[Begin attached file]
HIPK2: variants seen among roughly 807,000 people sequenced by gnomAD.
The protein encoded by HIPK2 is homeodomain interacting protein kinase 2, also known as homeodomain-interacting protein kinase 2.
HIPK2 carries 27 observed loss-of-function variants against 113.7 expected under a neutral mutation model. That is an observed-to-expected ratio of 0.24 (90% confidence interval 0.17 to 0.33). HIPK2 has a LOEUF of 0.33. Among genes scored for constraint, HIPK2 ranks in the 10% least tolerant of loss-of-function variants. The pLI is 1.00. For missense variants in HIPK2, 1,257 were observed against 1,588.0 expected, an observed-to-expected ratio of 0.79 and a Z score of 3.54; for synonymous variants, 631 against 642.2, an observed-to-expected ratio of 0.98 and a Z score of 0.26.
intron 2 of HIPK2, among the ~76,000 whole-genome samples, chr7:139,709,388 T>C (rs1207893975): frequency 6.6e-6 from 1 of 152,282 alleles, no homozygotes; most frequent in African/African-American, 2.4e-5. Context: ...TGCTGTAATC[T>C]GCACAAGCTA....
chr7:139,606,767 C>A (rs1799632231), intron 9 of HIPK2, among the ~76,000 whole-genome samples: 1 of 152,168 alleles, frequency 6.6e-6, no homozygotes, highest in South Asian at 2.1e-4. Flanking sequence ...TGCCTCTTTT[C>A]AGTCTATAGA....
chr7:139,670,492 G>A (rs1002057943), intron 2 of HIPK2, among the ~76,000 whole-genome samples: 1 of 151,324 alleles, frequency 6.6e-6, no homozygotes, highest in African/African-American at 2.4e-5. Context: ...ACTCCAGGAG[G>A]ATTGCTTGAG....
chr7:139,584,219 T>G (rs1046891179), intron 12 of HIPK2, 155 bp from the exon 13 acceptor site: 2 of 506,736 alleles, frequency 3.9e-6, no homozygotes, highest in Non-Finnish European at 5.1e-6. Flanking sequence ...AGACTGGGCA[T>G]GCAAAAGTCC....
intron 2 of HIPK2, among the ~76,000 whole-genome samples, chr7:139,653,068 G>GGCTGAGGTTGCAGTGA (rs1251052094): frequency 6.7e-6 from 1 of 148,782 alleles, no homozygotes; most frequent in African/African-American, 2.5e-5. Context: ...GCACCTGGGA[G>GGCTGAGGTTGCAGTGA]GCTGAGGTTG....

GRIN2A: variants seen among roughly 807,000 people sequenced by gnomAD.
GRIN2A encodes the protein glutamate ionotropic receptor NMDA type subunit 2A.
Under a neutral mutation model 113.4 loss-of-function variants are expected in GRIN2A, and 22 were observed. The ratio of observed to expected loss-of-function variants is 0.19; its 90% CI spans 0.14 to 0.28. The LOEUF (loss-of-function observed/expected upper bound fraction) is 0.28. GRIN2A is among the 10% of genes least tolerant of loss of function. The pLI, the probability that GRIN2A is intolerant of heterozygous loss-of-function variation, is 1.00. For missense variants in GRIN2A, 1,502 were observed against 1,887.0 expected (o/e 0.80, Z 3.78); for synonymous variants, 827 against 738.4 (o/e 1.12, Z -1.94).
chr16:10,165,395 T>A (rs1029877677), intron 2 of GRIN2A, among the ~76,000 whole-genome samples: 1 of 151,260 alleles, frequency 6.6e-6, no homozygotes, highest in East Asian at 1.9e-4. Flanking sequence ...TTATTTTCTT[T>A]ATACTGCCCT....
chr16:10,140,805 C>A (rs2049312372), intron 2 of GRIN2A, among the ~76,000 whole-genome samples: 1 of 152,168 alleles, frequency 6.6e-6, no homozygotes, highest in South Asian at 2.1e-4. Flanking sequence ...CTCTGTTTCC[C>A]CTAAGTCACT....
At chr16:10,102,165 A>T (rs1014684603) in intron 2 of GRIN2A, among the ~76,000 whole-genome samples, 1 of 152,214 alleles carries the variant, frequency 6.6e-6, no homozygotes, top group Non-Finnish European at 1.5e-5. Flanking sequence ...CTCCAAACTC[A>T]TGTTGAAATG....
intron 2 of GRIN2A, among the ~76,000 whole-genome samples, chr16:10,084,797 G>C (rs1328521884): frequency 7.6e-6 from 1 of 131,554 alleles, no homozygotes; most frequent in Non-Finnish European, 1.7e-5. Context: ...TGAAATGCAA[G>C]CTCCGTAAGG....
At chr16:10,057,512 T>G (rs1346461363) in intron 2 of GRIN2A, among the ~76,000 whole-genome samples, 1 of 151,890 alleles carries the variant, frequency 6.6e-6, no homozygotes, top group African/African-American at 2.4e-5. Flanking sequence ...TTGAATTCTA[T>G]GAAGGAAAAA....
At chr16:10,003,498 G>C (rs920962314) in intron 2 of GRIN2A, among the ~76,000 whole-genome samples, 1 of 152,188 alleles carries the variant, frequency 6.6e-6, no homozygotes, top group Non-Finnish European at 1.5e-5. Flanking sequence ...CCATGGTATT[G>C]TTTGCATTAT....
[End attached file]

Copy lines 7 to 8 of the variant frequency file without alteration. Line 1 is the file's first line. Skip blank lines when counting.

chr7:139,584,219 T>G (rs1046891179), intron 12 of HIPK2, 155 bp from the exon 13 acceptor site: 2 of 506,736 alleles, frequency 3.9e-6, no homozygotes, highest in Non-Finnish European at 5.1e-6. Flanking sequence ...AGACTGGGCA[T>G]GCAAAAGTCC....
intron 2 of HIPK2, among the ~76,000 whole-genome samples, chr7:139,653,068 G>GGCTGAGGTTGCAGTGA (rs1251052094): frequency 6.7e-6 from 1 of 148,782 alleles, no homozygotes; most frequent in African/African-American, 2.5e-5. Context: ...GCACCTGGGA[G>GGCTGAGGTTGCAGTGA]GCTGAGGTTG....